The stories of the other three flyers of the “four who dared” are not so well publicized, but are as filled with drama and dread. The account of Jim Moffat’s war story is a page-turner.
From a family of homesteaders in northern Ontario, Jim Moffat was “used to roughing it in the bush.” He was also used to dangerous work, having operated the elevator cage that took the miners out of the depths of the gold mine near Timmins. No doubt, this background helped him survive the six months on the run in German-occupied Belgium and France, after parachuting from his doomed Halifax bomber. Much of Cothliff’s account of Moffat’s war experience is based on the biography by Moffat’s sister, Mary Thomas, Behind Enemy Lines (2006).
Jim Moffat was an air gunner with 427 (Lion) Squadron in Bomber Command. He was on his 13th operation when, on the return flight from a raid on Nuremburg, his plane collided with a Lancaster bomber from another squadron. The raid was carried out in a full moon with no cloud cover, and probably should never have happened. A book by Martin Bowman about that operation, the most costly in losses to Bomber Command, is entitled The Blackest Night in RAF History (2006).
Cothliff’s description of Moffat’s escape from the spinning, crippled aircraft is spellbinding. It was Jim’s first parachute jump, and luck was with him as he landed safely and was soon in the hands of the Belgian resistance. He was the only survivor of his seven-man crew. Over a six month period he was passed from house to house by members of the resistance, and was able to survive German patrols, malnutrition, and illness. He was passed to members of the French resistance, the Maquis, and fought alongside them in their raids on German bases and transport, which was to earn him the French Legion of Honor. Eventually, he accidentally met a U.S. reconnaissance unit and survived close calls with them as well as they went in search of a bridge that the retreating Germans had not yet destroyed.
Czech-born Steve Puskas was a toddler when his family immigrated to Canada in 1917 and settled in Hamilton, Ontario. He had a long interest in flying and had taken flying lessons before he signed up with the RCAF in 1942. Flying with 429 (Bison) Squadron in Bomber Command, Puskas completed 38 operations over heavily-defended targets, and had earned a Distinguished Flying Cross by the time his war was over. Many of these missions are described in dramatic detail by Cothliff, the operation over Essen in March 1944 being especially breathtaking, when Puskas and his crew fought off three enemy fighters, destroying two of them, without damage to their own aircraft.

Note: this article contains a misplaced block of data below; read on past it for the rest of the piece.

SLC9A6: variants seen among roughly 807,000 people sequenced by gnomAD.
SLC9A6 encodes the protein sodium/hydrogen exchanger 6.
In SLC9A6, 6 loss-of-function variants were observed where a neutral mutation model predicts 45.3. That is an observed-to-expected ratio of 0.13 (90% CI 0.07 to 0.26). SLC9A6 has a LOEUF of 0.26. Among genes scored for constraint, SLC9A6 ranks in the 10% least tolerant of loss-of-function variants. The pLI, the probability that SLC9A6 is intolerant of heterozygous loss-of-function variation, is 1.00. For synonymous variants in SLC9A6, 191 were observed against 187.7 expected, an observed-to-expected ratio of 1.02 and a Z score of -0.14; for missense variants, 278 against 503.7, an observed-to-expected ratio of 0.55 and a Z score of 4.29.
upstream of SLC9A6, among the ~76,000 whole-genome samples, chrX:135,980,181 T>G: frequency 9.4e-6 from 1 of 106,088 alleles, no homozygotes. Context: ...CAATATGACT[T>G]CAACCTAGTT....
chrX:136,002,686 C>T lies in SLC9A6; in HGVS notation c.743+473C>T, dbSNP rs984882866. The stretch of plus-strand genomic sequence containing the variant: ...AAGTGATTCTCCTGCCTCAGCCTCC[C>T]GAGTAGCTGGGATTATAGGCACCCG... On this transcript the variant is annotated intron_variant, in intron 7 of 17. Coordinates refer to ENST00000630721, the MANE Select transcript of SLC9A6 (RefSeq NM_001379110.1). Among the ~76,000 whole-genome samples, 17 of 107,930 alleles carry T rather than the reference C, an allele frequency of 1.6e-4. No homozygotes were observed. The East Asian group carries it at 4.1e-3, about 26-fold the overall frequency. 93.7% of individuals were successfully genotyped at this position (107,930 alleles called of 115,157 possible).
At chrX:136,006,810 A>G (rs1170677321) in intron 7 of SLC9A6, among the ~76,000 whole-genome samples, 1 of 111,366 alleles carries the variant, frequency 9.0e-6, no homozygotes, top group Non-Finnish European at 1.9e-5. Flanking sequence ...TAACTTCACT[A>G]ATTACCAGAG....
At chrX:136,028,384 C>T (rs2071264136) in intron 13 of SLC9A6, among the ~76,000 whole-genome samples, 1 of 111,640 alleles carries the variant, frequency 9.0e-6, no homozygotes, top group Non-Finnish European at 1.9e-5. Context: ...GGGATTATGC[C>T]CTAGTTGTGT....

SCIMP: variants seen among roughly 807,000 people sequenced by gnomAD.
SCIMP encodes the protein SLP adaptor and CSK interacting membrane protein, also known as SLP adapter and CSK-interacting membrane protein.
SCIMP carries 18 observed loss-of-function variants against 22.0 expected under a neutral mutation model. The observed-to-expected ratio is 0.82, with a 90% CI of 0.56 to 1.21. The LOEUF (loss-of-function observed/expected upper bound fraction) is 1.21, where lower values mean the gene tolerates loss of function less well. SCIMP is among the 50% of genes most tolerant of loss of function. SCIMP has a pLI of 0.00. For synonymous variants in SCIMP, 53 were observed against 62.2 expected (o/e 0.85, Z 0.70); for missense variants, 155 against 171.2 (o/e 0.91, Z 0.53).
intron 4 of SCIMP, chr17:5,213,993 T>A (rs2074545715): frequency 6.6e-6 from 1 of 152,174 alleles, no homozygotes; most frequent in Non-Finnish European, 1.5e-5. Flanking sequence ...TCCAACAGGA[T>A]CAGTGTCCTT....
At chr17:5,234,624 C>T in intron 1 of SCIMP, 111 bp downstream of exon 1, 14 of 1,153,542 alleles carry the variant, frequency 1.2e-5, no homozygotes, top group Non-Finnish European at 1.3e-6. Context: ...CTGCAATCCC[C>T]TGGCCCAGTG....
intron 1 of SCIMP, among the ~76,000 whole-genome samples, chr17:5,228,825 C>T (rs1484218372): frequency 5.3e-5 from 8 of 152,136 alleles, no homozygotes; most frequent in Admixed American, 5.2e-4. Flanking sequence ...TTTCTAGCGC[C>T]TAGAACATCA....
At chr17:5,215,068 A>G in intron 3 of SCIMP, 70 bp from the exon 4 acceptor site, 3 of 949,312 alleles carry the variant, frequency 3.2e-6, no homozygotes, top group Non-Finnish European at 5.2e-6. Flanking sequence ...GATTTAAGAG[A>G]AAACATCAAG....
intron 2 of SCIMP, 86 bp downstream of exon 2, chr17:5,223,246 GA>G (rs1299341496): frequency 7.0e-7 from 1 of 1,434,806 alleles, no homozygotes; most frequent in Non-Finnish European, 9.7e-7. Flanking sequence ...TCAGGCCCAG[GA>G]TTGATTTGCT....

Cothliff had been given access to Puskas’s war diaries and unpublished writings and these provided a detailed description of day-to-day life while he was with the British Commonwealth Air Training Plan in western and central Canada. Puskas laments the total lack of privacy, men of many different backgrounds thrown together, endless parades, bad food, close calls in the air, and the loss of fellow trainees. Of the 132,000 airmen who trained with the Plan, some 850 young men were to die or suffer serious injury while in training.
Cothliff was able to identify his birth father and mother, and learned that his father, Flight Sergeant Bill “Scotty” Gracie, had been killed in August 1944, a week before Cothliff was born. His mother in England gave him up for adoption. He has remained close to the Gracie family and in fact, has dedicated this book to them.
Bill Gracie was flight engineer with 425 (Alouette) squadron when, on August 5, 1944, his Halifax aircraft was shot down by flak on an operation to destroy a V-l flying bomb storage site in northern France. He had survived many air operations between November 1943 and March 1944, known as the Battle of Berlin, when he flew with 431 (Iroquois) squadron. None of his letters home has survived. He was only 23 years old when he died.
The book is the result of a commendable piece of research, carried out over many years, and with first-hand accounts of survivors and witnesses. Detailed accounts of the various raids by the Maquis are amazing. One wishes for some footnotes here. The author’s detailed technical information about the planes and flying aids would be of special interest to historians of Second World War air operations.
The inhumanity and callousness of war is not avoided in the author’s account. It added to the airmen’s emotional strain when they realized that their bombs had been mistakenly unloaded on a small town near the actual military target. Cothliff describes the carpet bombing of a medieval German city in March 1942 ordered by Air Marshal “Bomber” Harris, just “to see if a large force could totally destroy a town.”
Photos of the crews are appreciated, as is the detailed index and a glossary, although it took this reader a while to find what a “dickey” pilot is. A quibble for sure.
The book is an exhilarating read, a tribute to four courageous young men, and a fine contribution to Canada’s war history.
Sylvia Crooks (née Shorthouse) was born and raised in Nelson. She was a faculty member of the UBC School of Library, Archival and Information Studies for sixteen years where she taught library reference and outreach services. She is the author of Homefront & Battlefront: Nelson BC in World War II (Granville Island, 2005), and Names on a Cenotaph: Kootenay Lake Men in World War I (Granville Island, 2014). She makes her home in Vancouver.